A & F’s Annual Report: Like Other Teen Retailers, But Not.

As I just noted in my last post on Tilly’s and expect to note as I get to other retailers, the teen market is sort of lousy right now. People seem a bit perplexed as to why it’s fallen so hard, but I believe it’s as simple as a lack of money and jobs for teens. And I suppose I’d add a lack of product differentiation and very broad market with way too many competitors and retailers.

A & F’s results for the year reflect that and some of their responses are interesting, though consistent with what other retailers are doing.  But remember that, unlike many retailers they compete with, they only sell their own brands.  Let’s start with the numbers after which it will be easier to explain their reaction to market conditions.

The Results
Net sales for the year ended February 2, 2013 declined 8.7% from $4.51 to $4.12 billion. Be aware that 2012 had a 53rd week in it, which happens from time to time. That’s about a $63 million difference caused by the extra week. Below are the sales by brand and geography for both years.
 You can see that most of the sales decline was in the U.S. and split between the Hollister and Abercrombie & Fitch brands. Gilly Hicks stores are by now all closed, though certain of the product is going to be sold in their other stores. Total Hollister sales, including direct to consumer, were down 14%. Abercrombie & Fitch fell by 10%.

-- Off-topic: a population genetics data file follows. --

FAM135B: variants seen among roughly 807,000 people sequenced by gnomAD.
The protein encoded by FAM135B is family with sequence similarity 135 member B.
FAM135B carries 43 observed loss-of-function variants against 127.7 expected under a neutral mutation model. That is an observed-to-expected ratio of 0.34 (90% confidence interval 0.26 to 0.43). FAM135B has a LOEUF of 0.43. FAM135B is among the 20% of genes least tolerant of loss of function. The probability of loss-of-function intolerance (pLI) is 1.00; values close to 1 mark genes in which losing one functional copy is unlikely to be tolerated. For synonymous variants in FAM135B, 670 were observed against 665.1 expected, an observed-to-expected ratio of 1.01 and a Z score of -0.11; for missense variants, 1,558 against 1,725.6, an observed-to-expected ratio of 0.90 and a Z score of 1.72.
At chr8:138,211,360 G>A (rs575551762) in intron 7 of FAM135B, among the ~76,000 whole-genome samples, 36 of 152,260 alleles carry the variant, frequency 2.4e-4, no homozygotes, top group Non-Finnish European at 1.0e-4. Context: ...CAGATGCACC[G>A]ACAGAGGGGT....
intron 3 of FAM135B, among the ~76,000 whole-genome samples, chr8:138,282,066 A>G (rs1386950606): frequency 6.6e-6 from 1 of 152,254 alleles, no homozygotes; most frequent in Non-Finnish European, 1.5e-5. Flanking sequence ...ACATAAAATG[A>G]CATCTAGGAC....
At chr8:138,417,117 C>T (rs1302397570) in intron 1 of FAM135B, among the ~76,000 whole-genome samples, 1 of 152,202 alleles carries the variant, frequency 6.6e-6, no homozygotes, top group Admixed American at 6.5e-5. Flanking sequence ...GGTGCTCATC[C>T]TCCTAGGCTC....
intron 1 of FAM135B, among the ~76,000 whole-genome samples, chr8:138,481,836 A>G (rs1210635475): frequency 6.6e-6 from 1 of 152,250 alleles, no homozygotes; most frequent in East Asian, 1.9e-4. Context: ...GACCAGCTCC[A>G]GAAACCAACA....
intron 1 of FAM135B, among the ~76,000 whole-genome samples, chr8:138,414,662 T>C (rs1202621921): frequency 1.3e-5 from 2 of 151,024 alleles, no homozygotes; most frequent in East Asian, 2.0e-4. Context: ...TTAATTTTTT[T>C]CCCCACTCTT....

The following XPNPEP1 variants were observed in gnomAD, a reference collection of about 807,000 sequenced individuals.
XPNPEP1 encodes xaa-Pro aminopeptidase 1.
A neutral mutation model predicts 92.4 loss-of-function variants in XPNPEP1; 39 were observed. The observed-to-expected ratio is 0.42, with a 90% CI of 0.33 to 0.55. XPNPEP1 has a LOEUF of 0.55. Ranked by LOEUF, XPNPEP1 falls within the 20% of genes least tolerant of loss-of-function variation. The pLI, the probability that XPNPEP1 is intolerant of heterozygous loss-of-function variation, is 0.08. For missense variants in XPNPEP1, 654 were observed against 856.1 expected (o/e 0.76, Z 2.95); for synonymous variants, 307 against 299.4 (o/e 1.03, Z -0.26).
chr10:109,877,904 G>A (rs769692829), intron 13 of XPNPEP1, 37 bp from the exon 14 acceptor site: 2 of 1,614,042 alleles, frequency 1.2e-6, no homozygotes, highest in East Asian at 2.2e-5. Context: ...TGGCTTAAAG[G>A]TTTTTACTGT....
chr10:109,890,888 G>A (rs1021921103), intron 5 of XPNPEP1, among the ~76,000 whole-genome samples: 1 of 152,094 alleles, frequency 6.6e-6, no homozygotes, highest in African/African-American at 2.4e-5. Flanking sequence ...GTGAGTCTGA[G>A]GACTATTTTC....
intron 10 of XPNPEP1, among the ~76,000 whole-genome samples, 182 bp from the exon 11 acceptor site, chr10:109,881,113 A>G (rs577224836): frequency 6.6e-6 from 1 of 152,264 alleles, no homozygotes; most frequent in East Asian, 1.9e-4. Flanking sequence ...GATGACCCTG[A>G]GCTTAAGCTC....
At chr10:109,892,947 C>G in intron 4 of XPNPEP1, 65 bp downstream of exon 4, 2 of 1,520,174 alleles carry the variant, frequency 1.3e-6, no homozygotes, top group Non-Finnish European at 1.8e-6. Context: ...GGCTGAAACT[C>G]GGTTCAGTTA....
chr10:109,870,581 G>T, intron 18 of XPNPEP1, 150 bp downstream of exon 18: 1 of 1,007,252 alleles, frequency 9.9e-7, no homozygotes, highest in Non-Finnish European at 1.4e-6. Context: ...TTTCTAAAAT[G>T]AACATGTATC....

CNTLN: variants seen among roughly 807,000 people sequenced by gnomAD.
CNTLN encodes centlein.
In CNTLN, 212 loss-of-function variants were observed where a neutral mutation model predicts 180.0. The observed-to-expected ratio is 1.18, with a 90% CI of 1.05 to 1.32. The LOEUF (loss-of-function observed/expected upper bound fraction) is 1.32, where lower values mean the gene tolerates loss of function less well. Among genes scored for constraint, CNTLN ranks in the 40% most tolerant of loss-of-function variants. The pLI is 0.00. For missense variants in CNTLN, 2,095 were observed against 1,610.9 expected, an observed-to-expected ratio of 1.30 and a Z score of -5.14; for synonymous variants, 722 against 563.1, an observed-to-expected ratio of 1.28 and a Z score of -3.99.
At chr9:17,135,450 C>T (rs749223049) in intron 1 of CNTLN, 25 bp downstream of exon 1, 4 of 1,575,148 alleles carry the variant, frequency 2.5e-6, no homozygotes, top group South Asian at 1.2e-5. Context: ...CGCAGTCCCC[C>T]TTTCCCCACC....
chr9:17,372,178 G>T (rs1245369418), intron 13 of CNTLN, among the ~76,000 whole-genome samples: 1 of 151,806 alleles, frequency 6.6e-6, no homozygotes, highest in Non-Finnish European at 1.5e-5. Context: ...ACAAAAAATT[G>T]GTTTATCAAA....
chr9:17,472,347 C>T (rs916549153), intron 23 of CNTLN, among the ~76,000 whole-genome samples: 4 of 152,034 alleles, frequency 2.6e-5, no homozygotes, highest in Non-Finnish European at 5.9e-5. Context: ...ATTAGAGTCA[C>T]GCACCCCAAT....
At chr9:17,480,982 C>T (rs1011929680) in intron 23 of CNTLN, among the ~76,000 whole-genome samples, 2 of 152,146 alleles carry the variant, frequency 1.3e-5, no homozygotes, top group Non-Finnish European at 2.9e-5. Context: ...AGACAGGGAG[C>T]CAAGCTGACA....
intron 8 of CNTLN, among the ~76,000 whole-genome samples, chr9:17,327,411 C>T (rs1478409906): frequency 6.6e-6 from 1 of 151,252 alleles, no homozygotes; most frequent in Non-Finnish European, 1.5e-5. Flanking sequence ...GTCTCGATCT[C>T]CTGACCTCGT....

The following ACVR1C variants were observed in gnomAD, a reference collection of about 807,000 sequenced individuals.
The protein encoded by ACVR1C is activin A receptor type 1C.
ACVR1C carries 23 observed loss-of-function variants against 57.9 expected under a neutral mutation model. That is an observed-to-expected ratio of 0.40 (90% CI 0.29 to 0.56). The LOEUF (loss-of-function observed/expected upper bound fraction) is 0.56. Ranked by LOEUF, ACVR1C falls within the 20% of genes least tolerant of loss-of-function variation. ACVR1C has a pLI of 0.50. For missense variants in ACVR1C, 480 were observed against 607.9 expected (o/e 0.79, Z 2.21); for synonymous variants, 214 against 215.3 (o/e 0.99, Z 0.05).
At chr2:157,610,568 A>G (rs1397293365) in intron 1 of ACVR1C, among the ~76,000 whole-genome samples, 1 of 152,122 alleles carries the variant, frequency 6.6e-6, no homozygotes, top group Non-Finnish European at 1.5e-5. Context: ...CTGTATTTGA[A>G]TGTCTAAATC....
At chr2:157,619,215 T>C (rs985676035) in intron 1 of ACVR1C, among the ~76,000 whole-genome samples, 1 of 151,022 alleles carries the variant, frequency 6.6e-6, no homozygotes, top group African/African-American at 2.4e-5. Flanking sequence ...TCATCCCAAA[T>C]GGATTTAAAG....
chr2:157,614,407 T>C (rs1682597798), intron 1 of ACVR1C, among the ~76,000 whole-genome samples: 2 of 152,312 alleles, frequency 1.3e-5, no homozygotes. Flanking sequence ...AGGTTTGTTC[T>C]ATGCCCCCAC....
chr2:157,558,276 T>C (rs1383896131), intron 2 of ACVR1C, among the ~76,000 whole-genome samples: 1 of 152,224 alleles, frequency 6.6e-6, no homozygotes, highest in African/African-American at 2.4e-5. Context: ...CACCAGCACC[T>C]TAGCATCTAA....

Note that the U. S. stores delivered sales of $2.16 billion and operating income of $195 million. The international stores had sales of $1.18 billion and operating income $249 million. And direct to consumer’s revenues of $777 million generated operating income of $295 million. Of the three segments, guess which two they will be focusing on.
Here’s what they say about online sales. “Total net sales through direct-to-consumer operations, including shipping and handling revenue, were $776.9 million for Fiscal 2013, representing 19% of total net sales. The Company operates 46 websites including both desktop and mobile versions. In addition, the websites are available in nine languages, accept seven currencies, and ship to over 120 countries.”
Like other retailers, they are big on the omnichannel, and are enthusiastic about growing online business. And, like other retailers, they really don’t talk about whether said online sales are incremental or taking away from brick and mortar sales. That to me is the big question nobody seems to be addressing publically. Amazing the analysts don’t ask. Especially since brick and mortar comparable store sales fell 16% during the year while direct to consumer was up 13%.
The company ended the year with 843 stores in the United States and 163 stores outside of it for a total of 1,006. That’s down from 1,041 at the end of the prior year. They opened 24 international stores but closed a net of 59 in the U.S. 21 of the closed stores in the U.S. were Hollister. They expect to close 60-70 stores in the U.S. during 2014. They’ve got 500 leases expiring between now and 2016 so they’ve got a lot of flexibility in term of what they do with existing stores.